Bank of Japan: cupboard is bare but corporate prospects undimmed

After the Bank of Japan's latest policy decision, we look at the options left for authorities to stimulate the economy and the outlook for corporate earnings.

29 July 2016

Keith Wade

Keith Wade

Chief Economist & Strategist

Shogo Maeda

Shogo Maeda

Head of Japanese Equities

The economic view from Keith Wade, Chief Economist & Strategist

It is good to see a central bank acting independently, but today’s decision by the Bank of Japan (BoJ) to leave monetary policy broadly unchanged came as a major surprise.

The BoJ left interest rates and government bond purchases unchanged, at -0.1% and ¥80 trillion respectively. Expectations had been for an interest rate cut of at least 10 basis points (bps) and an increase in quantitative easing (QE) to ¥100 trillion.

The BoJ did increase its purchases of exchange traded funds (ETFs) to ¥6 trillion from ¥3.2 trillion, and has boosted the dollar lending support programme to $24 billion from $12 billion. The BoJ also announced a review of the effectiveness of monetary policy for its meeting scheduled for 20 and 21 September. However, these were minor details compared to expectations before the meeting.

Government preparing stimulus

One factor which helps explain the bank’s reluctance to act would be the large stimulus package being prepared by Prime Minister Shinzo Abe’s government. Earlier this week the government announced that this would total ¥28 trillion (over 5% GDP).

Today’s statement mentioned the synergies that would be produced by loose monetary policy alongside such a package, but it was not clear whether this meant the BoJ would be doing more or believed that its current policy stance is sufficient.

It is possible that the BoJ is simply waiting to see how much of the ¥28 trillion is “real money”; i.e. that it forms an increase in stimulus, before acting. Estimates range from ¥5 to ¥12 trillion, which at more than 2% of GDP would be substantial.

BoJ running out of options

However, as we have argued before, the BoJ cupboard is bare: QE is already running at full tilt and negative interest rates do not help the banking system in Japan. There is a reason why the government has turned to fiscal policy.

Of course the BoJ cannot admit this and Governor of the Bank of Japan Haruhiko Kuroda will emphasise his willingness to act at his press conference, but the foreign exchange markets are on the case and the Japanese yen has rallied significantly since the meeting.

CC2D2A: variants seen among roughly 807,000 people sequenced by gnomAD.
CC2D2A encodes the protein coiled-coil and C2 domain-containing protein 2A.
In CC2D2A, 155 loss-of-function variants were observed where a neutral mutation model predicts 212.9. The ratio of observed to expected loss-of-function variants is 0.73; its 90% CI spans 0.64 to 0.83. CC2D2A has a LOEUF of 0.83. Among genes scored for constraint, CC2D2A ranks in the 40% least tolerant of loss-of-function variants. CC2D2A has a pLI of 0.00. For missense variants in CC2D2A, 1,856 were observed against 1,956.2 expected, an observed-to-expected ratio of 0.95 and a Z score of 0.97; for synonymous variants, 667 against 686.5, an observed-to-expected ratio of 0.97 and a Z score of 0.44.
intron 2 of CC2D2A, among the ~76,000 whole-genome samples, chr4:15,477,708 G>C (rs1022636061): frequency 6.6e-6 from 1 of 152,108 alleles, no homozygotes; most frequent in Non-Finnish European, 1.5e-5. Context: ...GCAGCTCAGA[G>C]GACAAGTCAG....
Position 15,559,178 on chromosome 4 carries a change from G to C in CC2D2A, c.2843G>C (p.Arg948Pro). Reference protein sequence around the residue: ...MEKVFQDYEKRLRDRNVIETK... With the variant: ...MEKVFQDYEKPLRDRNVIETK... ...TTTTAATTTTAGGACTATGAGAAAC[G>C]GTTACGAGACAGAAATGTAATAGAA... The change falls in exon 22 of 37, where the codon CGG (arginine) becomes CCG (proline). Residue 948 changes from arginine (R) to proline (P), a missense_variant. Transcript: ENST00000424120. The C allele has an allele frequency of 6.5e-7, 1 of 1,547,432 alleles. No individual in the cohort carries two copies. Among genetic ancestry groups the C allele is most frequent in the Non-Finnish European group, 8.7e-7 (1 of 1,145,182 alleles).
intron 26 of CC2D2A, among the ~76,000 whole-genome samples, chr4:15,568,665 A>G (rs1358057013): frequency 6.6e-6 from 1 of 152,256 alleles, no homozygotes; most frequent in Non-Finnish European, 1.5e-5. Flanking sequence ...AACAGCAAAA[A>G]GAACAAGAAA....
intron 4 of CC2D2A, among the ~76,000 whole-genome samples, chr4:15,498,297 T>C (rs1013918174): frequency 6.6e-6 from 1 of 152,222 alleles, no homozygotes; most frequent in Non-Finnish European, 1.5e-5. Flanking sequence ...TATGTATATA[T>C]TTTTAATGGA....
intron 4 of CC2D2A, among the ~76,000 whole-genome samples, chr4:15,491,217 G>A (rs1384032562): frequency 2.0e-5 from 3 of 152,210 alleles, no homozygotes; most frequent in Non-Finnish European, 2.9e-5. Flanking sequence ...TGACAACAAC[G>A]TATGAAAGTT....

The market view from Shogo Maeda, Head of Japanese Equities 

Today, as was widely expected, the BoJ took action. Recently, Prime Minister Abe had indicated that a larger-than-expected ¥28 trillion economic package would be implemented in the coming years. Given such developments in both fiscal and monetary policy, we believe it is timely to revisit the investment opportunities that Japanese stocks offer.

More changes ahead

Firstly, the BoJ has announced additional easing including the doubling of both ETF purchases (to ¥6 trillion annually) and the US dollar lending program for overseas business expansion (to $24 billion). Notably there has been no further widening of the negative interest rate, which has disappointed some in the foreign exchange and Japanese government bond markets. At the same time, the BoJ appears to be sending a signal to investors that its next meeting may see changes in their measures.

While details will follow soon in terms of Abe’s economic package, both the government and the central bank are delivering pretty much what has been expected by the market. This should be modestly positive for the market as well as for the economy.

The BoJ’s decision to not widen the negative interest rate, which is positive for banks, insurance companies and for the market as a whole in our view, probably reflects the market’s concern over the negative impact the policy has had on pension fund liabilities and the financial sector.

Furthermore, both the BoJ and the government are succeeding, to some extent, in giving the impression that they are actively coordinating their efforts to improve the economy.

Corporate earnings could surprise positively

Meanwhile, in the Japanese stockmarket, which finished the month of June with a +6% return (TOPIX total return in yen terms), we see corporate earnings progressing reasonably well. Earnings for the first quarter (April to June) of fiscal year 2016 are coming out and, on the whole, they are exceeding market expectations. Excluding the currency impact, corporate earnings remain firm and we can expect positive surprises to consensus going forward.

Many Japanese companies are keeping a relatively tight control on costs and we believe dividends can be maintained even if earnings growth is revised down.

Changing attitudes

Looking ahead, we also expect greater investor engagement with companies, while changing attitudes among management will continue to encourage higher dividend pay-outs and share buy-backs. This can only have a positive impact and will further reinforce the focus on return-on-equity.

Indeed, we believe the Japanese market has largely discounted the potential negative impact of the stronger yen on earnings but sentiment remains highly sensitive to the yen/dollar exchange rate. Therefore, we think there is room for expansion of the current price-earnings* (P/E) multiple of around 13 times the current fiscal year earnings.

*A ratio used to value a company's shares. It is calculated by dividing the current market price by the earnings per share.

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